February 2, 2007
I rewatched Quentin Tarantino's Jackie Brown today, for no other reason than that I've have it on my mind since Ja mentioned it over at My New Plaid Pants nearly a month ago.
Jackie Brown seems to be a movie that has been forgotten. It came three years after Pulp Fiction single-handedly changed the way some films are made (the aftereffects are still, scarily, visible in the many movies still aping it's style to various degrees of success). It was released, in one of those Weinstein-oddities, at Christmas time. It got lost in the shuffle and only got one lowsy Oscar nomination (Best Supporting Actor for Robert Forster). When I eventually saw it on good ol' VHS I didn't think it was as good as Pulp Fiction, but in the years since I have changed my opinion. It is better. It holds up better to repeat viewings I think in that it hasn't been copied and repeated so many times since, yet still seeing like Tarantino. It's still fresh, it still has a sting, it still has that exciting zest for thrills. It's a great great movie, and the best Tarantino has ever done.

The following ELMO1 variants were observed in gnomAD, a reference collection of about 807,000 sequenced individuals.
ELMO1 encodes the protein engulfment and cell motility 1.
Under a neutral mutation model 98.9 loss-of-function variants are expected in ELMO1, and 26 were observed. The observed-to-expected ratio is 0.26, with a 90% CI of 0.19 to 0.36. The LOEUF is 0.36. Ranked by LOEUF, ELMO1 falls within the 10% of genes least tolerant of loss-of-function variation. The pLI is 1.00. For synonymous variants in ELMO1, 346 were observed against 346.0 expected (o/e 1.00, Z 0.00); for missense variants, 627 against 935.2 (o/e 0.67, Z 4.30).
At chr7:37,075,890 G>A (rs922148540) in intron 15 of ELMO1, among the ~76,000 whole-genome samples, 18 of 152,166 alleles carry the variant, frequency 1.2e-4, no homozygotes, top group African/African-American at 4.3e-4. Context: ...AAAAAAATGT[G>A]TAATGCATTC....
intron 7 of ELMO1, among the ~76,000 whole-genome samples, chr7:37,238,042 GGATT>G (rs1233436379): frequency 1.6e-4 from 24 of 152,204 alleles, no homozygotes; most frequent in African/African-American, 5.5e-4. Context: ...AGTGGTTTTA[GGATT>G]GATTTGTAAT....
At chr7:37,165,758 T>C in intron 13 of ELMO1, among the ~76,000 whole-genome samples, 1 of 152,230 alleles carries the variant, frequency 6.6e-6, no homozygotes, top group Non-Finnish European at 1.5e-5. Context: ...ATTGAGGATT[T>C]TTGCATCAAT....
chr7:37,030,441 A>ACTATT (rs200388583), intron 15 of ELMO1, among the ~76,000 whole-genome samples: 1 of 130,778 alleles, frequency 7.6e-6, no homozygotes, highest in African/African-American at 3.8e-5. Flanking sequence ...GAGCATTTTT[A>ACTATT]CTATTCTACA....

Of course the "cherry on top" (if you've seen the movie y'all know what that quote is) is Pam Grier and her stunning performance. Not that many ladies would let you get a closeup of their face just as is. She hasn't "uglified" herself, she's just a normal woman. She's a force. I love her so much as Jackie Brown. But the acting talent doesn't stop there. Samuel L Jackson is great, Robert DeNiro is actually my second favourite performance in the film - something I had certainly never seen before from him, Bridget Fonda is hilarious "Helloit'sforyou!", Robert Forster is dependable and cut from the same cloth as Grier's Jackie. And of course, Michael Keaton is wonderful too. Why did his comeback never take place? Strange.
Jackie Brown is what I wish more movies were: effortless. Even Pulp Fiction looks like it's straining at times. This one glides along on the super-coolness of it's mere being. I love this movie. A